The state’s fiscal year draws to a close June 30th, and Governor Tom Vilsack says tax receipts haven’t fallen as much as predicted. Vilsack says state tax collections are about one-and-a-half percent better than anticipated, although still less than last year. That means the state could close the year with about 70-million dollars in the bank, money that will be deposited in the state’s cash reserve. Vilsack and legislators had to make two rounds of cuts to this past year’s state budget as the economy soured, dragging state income tax and sales tax returns down as Iowans’ wages and consumer spending sagged. Vilsack says Iowa’s budget is doing o-k when compared to neighboring states. Minnesota’s delaying millions of dollars in school payments. Wisconsin still has a billion dollar deficit. Illinois isn’t paying over a billion dollars in bills. Missouri didn’t pay tax refunds and Nebraska raised taxes. The next state budgeting year starts Monday, and it’s lean. Most state workers will be forced to take some unpaid days off; some may be laid-off. Vilsack says they’re working with the agencies and encouraging them to be innovative. The Legislature and Governor agreed in late May to offer another round of early retirement incentives to state workers, if four small state unions agreed to delay pay raises as the state’s largest union, AFSCME, has. Employees would get a lump sum check covering their unused days of vacation and sick leave. Workers have ’til August 14th to make the retirement decision. Almost six hundred workers retired early in February, saving the state over 11-million dollars in payroll expenses.
Members of Iowa’s Congressional delegation are denouncing Wednesday’s federal court ruling in California which found the Pledge of Allegiance unconstitutional.Senator Chuck Grassley says the ruling is “outrageous,” while Senator Tom Harkin says the decision is “contrary…to the values of Iowans.” Harkin calls taking the Pledge a “simple patriotic act.”Congressman Jim Nussle of Manchester calls the Pledge “a stirring salute to the proud American spirit our flag symbolizes,” while Congressman Tom Latham of Alexander says the court’s move is “misguided and simply wrong.” Congressman Leonard Boswell says he fully supports the Pledge of Allegiance.Iowa school kids won’t be affected but children in nine western states may be banned from making the pledge.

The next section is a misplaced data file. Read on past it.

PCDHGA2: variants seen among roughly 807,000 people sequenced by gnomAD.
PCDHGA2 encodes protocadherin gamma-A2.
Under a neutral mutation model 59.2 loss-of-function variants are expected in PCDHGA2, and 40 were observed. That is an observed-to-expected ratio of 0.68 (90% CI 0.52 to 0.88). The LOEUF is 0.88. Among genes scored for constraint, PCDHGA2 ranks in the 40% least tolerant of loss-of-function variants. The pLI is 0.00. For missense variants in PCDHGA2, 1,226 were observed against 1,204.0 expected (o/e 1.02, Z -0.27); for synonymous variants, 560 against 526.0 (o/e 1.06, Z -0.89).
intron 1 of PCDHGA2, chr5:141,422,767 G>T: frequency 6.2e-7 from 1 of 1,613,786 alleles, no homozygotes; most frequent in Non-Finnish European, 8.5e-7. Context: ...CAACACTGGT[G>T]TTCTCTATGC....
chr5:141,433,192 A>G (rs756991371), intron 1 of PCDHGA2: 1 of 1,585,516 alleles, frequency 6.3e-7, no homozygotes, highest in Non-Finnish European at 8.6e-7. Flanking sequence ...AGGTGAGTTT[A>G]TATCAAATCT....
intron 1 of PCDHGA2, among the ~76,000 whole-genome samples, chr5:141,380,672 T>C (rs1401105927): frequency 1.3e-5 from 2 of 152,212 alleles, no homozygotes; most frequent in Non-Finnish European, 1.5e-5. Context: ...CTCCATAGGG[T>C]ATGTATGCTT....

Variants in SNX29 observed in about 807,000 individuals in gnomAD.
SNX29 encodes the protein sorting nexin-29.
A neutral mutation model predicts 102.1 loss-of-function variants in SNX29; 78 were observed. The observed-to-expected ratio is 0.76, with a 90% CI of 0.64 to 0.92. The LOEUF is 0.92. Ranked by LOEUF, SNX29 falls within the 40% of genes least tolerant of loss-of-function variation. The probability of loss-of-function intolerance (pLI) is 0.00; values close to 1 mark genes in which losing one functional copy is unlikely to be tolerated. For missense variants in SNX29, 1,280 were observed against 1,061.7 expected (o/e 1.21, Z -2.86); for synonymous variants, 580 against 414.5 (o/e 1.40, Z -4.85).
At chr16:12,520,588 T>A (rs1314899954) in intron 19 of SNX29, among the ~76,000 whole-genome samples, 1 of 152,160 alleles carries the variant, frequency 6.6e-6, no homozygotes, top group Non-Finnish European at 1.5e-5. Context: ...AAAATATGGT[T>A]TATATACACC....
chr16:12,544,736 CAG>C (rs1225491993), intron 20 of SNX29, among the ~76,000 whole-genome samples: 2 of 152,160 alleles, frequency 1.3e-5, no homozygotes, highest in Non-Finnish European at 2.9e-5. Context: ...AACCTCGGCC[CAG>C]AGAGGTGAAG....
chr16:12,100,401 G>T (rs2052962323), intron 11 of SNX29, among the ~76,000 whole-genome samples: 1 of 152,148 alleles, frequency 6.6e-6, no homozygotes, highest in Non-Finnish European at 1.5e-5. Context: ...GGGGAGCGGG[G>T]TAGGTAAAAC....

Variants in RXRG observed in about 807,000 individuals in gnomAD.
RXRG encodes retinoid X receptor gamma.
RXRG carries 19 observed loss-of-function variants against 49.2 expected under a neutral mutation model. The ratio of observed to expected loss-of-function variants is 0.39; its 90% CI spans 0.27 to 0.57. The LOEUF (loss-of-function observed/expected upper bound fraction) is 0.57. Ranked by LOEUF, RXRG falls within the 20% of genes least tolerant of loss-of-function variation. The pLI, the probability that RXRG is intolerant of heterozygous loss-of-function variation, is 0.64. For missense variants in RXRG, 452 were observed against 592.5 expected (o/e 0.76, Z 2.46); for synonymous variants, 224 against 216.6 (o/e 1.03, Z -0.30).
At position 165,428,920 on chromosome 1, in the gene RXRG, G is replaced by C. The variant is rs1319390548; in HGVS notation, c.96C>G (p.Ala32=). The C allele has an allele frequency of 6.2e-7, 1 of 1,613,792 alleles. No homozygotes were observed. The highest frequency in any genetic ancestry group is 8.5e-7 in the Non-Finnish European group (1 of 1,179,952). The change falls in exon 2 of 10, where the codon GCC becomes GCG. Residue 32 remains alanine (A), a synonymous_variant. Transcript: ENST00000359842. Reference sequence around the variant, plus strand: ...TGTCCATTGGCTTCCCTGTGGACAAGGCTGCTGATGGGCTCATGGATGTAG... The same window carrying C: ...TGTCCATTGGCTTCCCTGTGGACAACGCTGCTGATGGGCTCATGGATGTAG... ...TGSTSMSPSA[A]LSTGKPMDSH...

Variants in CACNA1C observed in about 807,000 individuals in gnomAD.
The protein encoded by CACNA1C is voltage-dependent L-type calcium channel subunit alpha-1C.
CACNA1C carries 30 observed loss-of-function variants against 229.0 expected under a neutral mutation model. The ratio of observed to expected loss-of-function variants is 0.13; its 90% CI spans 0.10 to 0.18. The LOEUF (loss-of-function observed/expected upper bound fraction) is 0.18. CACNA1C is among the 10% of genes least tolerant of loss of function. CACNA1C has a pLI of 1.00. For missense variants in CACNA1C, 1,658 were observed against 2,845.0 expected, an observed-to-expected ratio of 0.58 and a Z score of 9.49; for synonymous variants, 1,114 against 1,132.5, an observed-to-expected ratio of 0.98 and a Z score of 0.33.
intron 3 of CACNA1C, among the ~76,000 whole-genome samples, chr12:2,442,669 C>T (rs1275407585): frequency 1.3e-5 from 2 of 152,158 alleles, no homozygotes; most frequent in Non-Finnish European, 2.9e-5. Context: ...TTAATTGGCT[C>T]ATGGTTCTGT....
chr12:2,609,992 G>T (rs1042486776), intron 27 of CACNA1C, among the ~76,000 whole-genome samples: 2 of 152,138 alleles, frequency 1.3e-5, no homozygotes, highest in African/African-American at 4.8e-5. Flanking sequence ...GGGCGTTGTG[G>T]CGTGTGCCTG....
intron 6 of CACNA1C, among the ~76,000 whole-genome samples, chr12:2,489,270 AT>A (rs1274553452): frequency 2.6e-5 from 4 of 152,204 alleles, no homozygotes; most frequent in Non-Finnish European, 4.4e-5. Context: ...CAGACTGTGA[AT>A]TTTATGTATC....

A storm that tore through southern Iowa’s Union County Wednesday afternoon left damage in the town of Kent that looked like the work of a twister. Kent mayor Mary Brown says it was about four that the storm went through.She says it turned trees around and it was so loud her neighbor across the street couldn’t hear when she told her to take shelter.Mayor Brown says there’s a lot of damage in Kent.The front of the old store building went down, there are telephone poles broken off and lines down. Brown says they’re lucky noone got hurt. They haven’t yet compiled a dollar estimate of the damage.
Iowa Congressman Leonard Boswell expects Congress to take some action following the recent troubles with WorldCom. Boswell says it’s corporate greed at its worst and Congress will have to come up with tougher regulations. Boswell says the companies need to take responsibility for the troubles they’ve caused employees.Amtrak, the national rail service, has also been having financial problems. The federal government is helping the rail line out for now, and Boswell says he wants to see the passenger service survive.Boswell is a democrat who is running for re-election in the new Third District.
A top republican in the Iowa House says Iowa should call for a constitutional convention if Congress doesn’t act on this week’s ruling on the Pledge of Allegiance. House Majority Leader Christopher Rants of Sioux City says a constitutional amendment would preserve the pledge. Rants says the ruling tears at the fabric of who we are as a nation. Rants says the President and other leaders call on Americans to pray in troubled times. Rants says there should be no less than an amendment to the U-S constitution. He thinks the amendment should affirm the pledge and say it can be used in public places and in schools. There are two methods, he says, either Congress passes a constitutional amendment for states to ratify, or states themselves pass resolutions to convene a constitutional convention. If the Legislature did that, Rants said it would not merit a special session but could be taken up in the next regular session. Rants says he wouldn’t accept endorsing the pledge of allegiance the way it was originally composed, without the words “Under God.”
Some eastern Iowans may soon be given pills that are touted as being able to ward off some impact of a nuclear accident. Iowa officials decided last week they would not hand out potassium iodide pills to residents living near the Duane Arnold facility near Cedar Rapids, the only nuclear plant in the Hawkeye State. Now, Illinois is buying 350-thousand of the pills to give to residents around that state’s six nuke plants. That includes the Quad City station at Cordova, right across the Mississippi River from Princeton, Iowa, just north of Davenport. The pills may protect the thyroid gland of people exposed to radiation. Iowa officials decided not to purchase the pills, fearing they’d give people a false sense of security to linger after an accident, when evacuation should be immediate.